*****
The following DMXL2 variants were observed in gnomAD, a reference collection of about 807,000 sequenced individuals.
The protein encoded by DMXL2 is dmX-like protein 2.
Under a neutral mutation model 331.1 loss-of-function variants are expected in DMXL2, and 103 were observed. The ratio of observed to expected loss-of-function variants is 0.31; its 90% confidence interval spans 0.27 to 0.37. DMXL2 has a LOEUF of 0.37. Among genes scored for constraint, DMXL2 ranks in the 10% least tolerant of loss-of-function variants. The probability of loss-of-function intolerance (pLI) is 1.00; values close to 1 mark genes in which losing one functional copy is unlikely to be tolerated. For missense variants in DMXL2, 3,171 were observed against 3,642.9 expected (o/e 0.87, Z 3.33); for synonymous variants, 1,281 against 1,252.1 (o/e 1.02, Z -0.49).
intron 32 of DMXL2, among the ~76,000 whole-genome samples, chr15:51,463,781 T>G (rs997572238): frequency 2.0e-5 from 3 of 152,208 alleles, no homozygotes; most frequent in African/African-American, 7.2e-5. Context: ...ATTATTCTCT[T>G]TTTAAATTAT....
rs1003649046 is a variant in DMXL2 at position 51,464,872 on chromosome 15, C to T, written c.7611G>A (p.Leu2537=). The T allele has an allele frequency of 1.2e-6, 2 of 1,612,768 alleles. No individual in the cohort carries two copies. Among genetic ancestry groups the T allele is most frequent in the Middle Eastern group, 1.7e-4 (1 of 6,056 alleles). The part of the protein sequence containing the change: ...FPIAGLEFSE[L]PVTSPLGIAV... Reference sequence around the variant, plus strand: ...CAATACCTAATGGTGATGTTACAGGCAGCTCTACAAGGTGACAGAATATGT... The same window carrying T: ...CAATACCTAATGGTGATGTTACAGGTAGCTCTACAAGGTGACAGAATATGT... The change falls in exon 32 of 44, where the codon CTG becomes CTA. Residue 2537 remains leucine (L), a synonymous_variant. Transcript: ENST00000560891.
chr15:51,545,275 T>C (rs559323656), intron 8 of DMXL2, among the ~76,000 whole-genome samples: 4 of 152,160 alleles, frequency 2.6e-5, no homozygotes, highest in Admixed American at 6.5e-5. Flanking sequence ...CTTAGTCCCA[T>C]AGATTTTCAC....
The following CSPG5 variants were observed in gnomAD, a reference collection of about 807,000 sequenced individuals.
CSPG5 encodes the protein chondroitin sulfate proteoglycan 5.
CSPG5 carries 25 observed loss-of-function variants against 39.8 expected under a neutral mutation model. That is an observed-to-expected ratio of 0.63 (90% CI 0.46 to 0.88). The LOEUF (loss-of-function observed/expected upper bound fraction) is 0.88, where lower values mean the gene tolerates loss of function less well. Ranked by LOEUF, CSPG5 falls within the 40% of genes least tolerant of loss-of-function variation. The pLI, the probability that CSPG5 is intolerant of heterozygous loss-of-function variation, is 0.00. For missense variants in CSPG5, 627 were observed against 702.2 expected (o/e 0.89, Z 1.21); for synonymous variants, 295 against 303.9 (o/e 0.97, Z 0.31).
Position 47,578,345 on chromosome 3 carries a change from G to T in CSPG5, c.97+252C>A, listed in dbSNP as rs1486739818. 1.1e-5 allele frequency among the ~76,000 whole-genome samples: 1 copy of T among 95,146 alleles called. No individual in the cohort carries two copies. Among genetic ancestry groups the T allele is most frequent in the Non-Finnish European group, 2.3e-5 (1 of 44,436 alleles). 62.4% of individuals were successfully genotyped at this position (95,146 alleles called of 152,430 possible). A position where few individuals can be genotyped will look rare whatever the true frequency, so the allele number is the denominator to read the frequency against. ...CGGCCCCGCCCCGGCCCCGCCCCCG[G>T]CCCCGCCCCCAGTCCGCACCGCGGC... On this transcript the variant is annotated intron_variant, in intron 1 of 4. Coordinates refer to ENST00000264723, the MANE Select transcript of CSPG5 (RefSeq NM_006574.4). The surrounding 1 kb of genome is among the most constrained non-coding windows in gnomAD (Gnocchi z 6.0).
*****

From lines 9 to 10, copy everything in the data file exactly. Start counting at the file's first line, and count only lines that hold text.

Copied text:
CSPG5 carries 25 observed loss-of-function variants against 39.8 expected under a neutral mutation model. That is an observed-to-expected ratio of 0.63 (90% CI 0.46 to 0.88). The LOEUF (loss-of-function observed/expected upper bound fraction) is 0.88, where lower values mean the gene tolerates loss of function less well. Ranked by LOEUF, CSPG5 falls within the 40% of genes least tolerant of loss-of-function variation. The pLI, the probability that CSPG5 is intolerant of heterozygous loss-of-function variation, is 0.00. For missense variants in CSPG5, 627 were observed against 702.2 expected (o/e 0.89, Z 1.21); for synonymous variants, 295 against 303.9 (o/e 0.97, Z 0.31).
Position 47,578,345 on chromosome 3 carries a change from G to T in CSPG5, c.97+252C>A, listed in dbSNP as rs1486739818. 1.1e-5 allele frequency among the ~76,000 whole-genome samples: 1 copy of T among 95,146 alleles called. No individual in the cohort carries two copies. Among genetic ancestry groups the T allele is most frequent in the Non-Finnish European group, 2.3e-5 (1 of 44,436 alleles). 62.4% of individuals were successfully genotyped at this position (95,146 alleles called of 152,430 possible). A position where few individuals can be genotyped will look rare whatever the true frequency, so the allele number is the denominator to read the frequency against. ...CGGCCCCGCCCCGGCCCCGCCCCCG[G>T]CCCCGCCCCCAGTCCGCACCGCGGC... On this transcript the variant is annotated intron_variant, in intron 1 of 4. Coordinates refer to ENST00000264723, the MANE Select transcript of CSPG5 (RefSeq NM_006574.4). The surrounding 1 kb of genome is among the most constrained non-coding windows in gnomAD (Gnocchi z 6.0).